A tale of two businesses: path of misery or path of joy?

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In this country at the moment, businesses in a variety of industries face the same staff challenges (lack of skilled labour, absenteeism, mental health and morale issues) and the same customer challenges (impatient, stressed and irritated customers, looking for competitive prices, uncertain about the future). Yet if we were to look at two identical businesses in the same industry, selling the same product or service, with these same challenges, one will be delivering better customer service than the other.

Interesting, right?

My experience is that there are two types of businesses navigating these difficult times – and the only difference between them is the mindset they have about their current challenges.

Yes, right now finding talented, committed and engaged staff is tough; and yes, customers are more demanding and easily disappointed, and neither of these things is within your control.

What is in your control as a leader or service professional, however, is whether you’re staying conscious of the mindset and attitude you bring to work each day.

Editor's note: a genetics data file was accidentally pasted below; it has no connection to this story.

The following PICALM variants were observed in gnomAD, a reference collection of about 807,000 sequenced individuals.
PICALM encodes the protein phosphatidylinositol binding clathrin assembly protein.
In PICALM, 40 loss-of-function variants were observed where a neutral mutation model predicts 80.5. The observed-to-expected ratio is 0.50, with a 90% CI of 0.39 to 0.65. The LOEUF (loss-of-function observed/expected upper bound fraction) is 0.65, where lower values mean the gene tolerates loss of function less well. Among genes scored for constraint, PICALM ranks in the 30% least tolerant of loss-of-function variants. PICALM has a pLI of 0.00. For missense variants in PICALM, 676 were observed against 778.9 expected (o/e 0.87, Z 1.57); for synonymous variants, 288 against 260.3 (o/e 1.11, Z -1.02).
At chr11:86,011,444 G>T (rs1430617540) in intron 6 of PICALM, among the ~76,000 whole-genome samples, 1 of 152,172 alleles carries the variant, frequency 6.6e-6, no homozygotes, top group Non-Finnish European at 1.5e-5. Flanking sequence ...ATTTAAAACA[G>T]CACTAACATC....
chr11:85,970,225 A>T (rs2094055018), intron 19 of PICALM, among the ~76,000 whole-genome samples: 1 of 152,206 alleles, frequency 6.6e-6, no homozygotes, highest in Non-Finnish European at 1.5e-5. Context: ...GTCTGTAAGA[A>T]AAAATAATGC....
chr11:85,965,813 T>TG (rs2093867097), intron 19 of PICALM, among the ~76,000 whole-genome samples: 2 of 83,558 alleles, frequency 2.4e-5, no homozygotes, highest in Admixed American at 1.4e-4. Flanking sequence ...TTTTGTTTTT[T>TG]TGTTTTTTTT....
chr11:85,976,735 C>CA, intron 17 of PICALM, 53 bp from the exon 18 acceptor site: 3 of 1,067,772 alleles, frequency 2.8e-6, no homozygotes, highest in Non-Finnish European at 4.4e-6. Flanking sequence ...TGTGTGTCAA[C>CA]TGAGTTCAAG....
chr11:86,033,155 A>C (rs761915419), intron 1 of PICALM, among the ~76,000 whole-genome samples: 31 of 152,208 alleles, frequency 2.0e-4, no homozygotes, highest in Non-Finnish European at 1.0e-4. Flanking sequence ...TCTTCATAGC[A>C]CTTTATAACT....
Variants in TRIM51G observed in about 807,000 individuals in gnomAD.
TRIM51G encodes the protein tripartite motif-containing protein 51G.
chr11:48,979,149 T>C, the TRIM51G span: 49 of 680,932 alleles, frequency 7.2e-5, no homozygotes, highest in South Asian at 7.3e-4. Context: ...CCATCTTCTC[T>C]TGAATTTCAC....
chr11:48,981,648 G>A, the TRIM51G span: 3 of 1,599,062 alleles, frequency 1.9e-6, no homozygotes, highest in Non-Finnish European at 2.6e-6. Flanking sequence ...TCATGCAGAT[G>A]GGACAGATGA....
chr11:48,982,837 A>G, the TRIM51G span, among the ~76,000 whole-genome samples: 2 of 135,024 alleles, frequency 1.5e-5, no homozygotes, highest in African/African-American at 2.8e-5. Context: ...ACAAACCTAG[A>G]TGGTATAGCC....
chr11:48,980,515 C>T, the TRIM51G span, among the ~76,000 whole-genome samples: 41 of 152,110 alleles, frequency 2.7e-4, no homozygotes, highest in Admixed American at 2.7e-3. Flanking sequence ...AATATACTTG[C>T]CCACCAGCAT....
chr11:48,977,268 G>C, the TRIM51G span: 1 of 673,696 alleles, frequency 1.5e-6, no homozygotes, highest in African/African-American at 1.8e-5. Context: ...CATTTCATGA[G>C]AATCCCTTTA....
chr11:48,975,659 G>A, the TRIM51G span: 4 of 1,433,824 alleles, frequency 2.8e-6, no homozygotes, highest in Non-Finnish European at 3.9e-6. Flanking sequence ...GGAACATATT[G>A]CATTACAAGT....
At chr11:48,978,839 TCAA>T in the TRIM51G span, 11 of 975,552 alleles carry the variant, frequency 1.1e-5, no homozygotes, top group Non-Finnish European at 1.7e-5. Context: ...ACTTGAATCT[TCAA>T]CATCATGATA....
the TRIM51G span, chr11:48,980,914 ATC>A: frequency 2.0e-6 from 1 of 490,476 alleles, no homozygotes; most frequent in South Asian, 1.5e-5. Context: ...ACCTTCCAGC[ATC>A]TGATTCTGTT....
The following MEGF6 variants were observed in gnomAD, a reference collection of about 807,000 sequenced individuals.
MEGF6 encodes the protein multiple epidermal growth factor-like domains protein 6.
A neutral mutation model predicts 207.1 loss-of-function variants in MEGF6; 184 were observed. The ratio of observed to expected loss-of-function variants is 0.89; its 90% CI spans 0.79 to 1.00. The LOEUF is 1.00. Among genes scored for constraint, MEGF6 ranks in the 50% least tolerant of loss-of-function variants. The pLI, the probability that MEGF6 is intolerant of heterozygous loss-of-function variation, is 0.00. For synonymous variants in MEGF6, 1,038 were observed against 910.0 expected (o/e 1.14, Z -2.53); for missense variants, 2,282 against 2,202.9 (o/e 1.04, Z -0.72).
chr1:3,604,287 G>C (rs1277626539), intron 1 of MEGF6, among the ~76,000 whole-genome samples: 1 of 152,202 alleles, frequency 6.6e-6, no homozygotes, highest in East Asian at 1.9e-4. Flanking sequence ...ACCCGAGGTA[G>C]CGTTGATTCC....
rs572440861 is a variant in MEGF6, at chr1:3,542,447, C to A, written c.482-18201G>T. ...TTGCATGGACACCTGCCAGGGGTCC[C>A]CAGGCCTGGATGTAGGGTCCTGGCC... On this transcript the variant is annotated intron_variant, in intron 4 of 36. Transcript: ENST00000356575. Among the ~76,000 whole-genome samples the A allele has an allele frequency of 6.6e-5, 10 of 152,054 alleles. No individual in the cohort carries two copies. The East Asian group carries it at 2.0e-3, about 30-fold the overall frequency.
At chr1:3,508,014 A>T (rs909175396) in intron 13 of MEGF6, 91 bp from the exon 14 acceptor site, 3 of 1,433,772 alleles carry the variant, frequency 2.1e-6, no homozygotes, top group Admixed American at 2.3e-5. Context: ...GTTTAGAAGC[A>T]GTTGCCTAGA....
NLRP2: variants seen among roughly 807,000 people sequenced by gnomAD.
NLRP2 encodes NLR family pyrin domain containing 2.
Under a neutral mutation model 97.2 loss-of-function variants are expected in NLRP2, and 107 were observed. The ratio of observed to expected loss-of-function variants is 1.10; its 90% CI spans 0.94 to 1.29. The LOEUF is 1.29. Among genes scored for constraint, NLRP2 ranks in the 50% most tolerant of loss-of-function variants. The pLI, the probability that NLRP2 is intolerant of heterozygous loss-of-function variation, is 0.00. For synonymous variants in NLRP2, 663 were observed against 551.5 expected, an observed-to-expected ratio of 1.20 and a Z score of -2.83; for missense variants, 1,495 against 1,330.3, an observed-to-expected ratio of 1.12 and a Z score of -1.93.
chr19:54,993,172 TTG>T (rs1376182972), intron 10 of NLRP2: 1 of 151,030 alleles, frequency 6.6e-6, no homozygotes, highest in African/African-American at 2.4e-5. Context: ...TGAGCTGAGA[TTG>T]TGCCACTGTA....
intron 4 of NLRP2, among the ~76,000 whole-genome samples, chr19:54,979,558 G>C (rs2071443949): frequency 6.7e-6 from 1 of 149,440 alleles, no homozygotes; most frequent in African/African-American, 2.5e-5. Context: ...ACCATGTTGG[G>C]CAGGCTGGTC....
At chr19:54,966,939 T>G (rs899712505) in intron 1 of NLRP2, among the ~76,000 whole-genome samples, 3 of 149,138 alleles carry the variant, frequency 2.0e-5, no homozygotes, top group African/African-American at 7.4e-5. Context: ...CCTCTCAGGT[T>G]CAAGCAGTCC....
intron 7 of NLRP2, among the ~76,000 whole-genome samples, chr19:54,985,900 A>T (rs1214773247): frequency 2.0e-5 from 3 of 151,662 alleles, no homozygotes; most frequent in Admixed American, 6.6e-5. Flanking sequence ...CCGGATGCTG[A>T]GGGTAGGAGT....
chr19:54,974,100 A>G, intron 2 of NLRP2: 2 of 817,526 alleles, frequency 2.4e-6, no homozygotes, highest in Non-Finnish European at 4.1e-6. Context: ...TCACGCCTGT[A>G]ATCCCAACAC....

One of my teachers reminds me that you can choose a path to misery or a path to joy. Blaming others, complaining (acting like a victim) and hanging on to the story (drama) are all mindset choices that will keep you on a path of misery. Taking ownership, never complaining, and letting go of the story are all mindset choices that will keep you on a path of joy.

Blaming the universe, the government, the competition or your supply chain for the current circumstances isn’t a great use of time or energy.

Taking absolute responsibility for your mindset, attitudes and behaviours, by comparison, is a great use of time and energy, and will lead to stunning results in the way you lead, serve and build loyalty with your customers.

If you want to stand out from the rest – from other businesses – and get the results that very few achieve, you must be prepared to do the things very few do. One of those things is consciously choosing your mindset each day.


Where are you still holding on to some blame, story or excuse that is keeping you off a path of joy?


On any working day, you make a conscious and unconscious choices about:

– what task to do next

– what to prioritise

– who to speak with about a problem

– when to speak and when to listen

– when to take a break.

These ordinary actions are supported by a mindset. Pay attention to what mindset you bring to ordinary moments in a day.

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